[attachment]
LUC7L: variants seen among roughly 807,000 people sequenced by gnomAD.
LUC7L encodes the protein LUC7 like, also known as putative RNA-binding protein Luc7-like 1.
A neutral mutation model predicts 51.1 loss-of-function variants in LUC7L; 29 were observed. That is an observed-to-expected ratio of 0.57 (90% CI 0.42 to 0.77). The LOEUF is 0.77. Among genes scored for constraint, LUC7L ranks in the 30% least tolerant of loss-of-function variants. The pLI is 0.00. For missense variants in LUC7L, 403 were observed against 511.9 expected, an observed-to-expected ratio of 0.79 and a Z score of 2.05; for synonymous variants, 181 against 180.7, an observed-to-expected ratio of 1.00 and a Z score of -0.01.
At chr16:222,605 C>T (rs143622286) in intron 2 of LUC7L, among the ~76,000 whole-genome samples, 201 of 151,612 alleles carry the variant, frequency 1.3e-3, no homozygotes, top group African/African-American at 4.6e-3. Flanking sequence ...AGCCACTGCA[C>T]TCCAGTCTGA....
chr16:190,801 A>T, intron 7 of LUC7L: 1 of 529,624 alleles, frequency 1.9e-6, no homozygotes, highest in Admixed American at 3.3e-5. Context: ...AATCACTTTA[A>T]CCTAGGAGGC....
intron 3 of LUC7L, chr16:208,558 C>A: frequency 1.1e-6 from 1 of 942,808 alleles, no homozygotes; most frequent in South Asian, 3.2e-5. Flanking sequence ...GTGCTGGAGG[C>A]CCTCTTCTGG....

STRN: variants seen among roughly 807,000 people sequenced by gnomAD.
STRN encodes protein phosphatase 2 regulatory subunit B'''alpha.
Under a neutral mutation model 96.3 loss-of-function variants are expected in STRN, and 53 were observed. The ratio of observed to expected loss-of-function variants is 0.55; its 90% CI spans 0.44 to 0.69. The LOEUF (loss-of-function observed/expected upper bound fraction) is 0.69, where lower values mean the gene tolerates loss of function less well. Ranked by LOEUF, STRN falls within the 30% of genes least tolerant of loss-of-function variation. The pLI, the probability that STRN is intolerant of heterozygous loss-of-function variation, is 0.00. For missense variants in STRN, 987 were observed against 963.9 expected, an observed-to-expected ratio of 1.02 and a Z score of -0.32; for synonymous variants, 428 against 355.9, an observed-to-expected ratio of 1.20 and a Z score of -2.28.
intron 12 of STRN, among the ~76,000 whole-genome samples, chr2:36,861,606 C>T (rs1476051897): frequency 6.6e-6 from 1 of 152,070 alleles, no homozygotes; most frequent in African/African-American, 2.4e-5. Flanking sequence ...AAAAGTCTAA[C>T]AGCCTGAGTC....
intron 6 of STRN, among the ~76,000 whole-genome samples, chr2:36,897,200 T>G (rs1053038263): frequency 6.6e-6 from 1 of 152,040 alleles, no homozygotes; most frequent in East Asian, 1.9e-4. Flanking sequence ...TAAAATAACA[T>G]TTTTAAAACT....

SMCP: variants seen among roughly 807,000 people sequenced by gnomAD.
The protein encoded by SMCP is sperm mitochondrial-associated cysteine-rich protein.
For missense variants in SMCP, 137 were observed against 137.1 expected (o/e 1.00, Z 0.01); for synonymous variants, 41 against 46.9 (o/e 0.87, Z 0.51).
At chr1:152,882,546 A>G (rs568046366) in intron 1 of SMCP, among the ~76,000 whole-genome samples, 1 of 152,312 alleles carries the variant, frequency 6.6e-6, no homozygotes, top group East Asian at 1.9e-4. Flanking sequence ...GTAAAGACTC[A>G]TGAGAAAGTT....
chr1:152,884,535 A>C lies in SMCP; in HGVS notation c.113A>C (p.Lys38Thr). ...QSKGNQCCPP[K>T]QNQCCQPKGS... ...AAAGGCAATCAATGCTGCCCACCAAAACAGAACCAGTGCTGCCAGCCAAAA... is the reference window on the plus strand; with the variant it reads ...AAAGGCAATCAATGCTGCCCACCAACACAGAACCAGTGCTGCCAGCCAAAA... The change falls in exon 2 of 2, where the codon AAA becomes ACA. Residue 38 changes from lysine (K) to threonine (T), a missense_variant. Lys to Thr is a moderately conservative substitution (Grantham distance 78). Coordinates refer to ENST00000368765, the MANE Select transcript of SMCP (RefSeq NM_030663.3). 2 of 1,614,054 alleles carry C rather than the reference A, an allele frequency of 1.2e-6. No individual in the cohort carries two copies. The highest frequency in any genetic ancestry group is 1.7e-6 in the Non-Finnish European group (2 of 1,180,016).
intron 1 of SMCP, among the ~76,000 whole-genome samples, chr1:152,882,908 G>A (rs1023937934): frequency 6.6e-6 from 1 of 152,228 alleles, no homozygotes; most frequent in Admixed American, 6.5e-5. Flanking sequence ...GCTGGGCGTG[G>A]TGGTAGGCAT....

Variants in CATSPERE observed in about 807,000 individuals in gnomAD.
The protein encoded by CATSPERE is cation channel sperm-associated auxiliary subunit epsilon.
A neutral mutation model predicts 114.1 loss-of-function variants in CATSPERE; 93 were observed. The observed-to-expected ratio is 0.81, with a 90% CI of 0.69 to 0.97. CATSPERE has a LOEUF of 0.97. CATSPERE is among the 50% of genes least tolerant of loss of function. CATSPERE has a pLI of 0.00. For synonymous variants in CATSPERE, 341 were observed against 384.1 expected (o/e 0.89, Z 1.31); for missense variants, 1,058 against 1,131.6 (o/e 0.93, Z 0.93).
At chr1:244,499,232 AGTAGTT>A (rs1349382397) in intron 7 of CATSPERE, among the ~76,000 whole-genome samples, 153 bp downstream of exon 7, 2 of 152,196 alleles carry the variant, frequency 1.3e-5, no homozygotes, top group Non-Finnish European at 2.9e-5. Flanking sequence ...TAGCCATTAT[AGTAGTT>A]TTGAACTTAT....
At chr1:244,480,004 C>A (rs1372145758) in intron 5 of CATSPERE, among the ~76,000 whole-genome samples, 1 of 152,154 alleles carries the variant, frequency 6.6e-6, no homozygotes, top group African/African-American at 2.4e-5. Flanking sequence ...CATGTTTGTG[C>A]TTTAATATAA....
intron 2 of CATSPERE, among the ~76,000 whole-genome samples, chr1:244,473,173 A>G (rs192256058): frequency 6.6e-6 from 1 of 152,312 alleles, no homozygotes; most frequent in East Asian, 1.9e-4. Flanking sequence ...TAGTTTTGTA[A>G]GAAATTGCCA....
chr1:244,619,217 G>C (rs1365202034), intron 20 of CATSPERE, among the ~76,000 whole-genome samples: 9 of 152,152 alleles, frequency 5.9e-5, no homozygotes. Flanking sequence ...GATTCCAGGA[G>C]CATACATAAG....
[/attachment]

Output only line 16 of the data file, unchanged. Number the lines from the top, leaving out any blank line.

chr1:152,884,535 A>C lies in SMCP; in HGVS notation c.113A>C (p.Lys38Thr). ...QSKGNQCCPP[K>T]QNQCCQPKGS... ...AAAGGCAATCAATGCTGCCCACCAAAACAGAACCAGTGCTGCCAGCCAAAA... is the reference window on the plus strand; with the variant it reads ...AAAGGCAATCAATGCTGCCCACCAACACAGAACCAGTGCTGCCAGCCAAAA... The change falls in exon 2 of 2, where the codon AAA becomes ACA. Residue 38 changes from lysine (K) to threonine (T), a missense_variant. Lys to Thr is a moderately conservative substitution (Grantham distance 78). Coordinates refer to ENST00000368765, the MANE Select transcript of SMCP (RefSeq NM_030663.3). 2 of 1,614,054 alleles carry C rather than the reference A, an allele frequency of 1.2e-6. No individual in the cohort carries two copies. The highest frequency in any genetic ancestry group is 1.7e-6 in the Non-Finnish European group (2 of 1,180,016).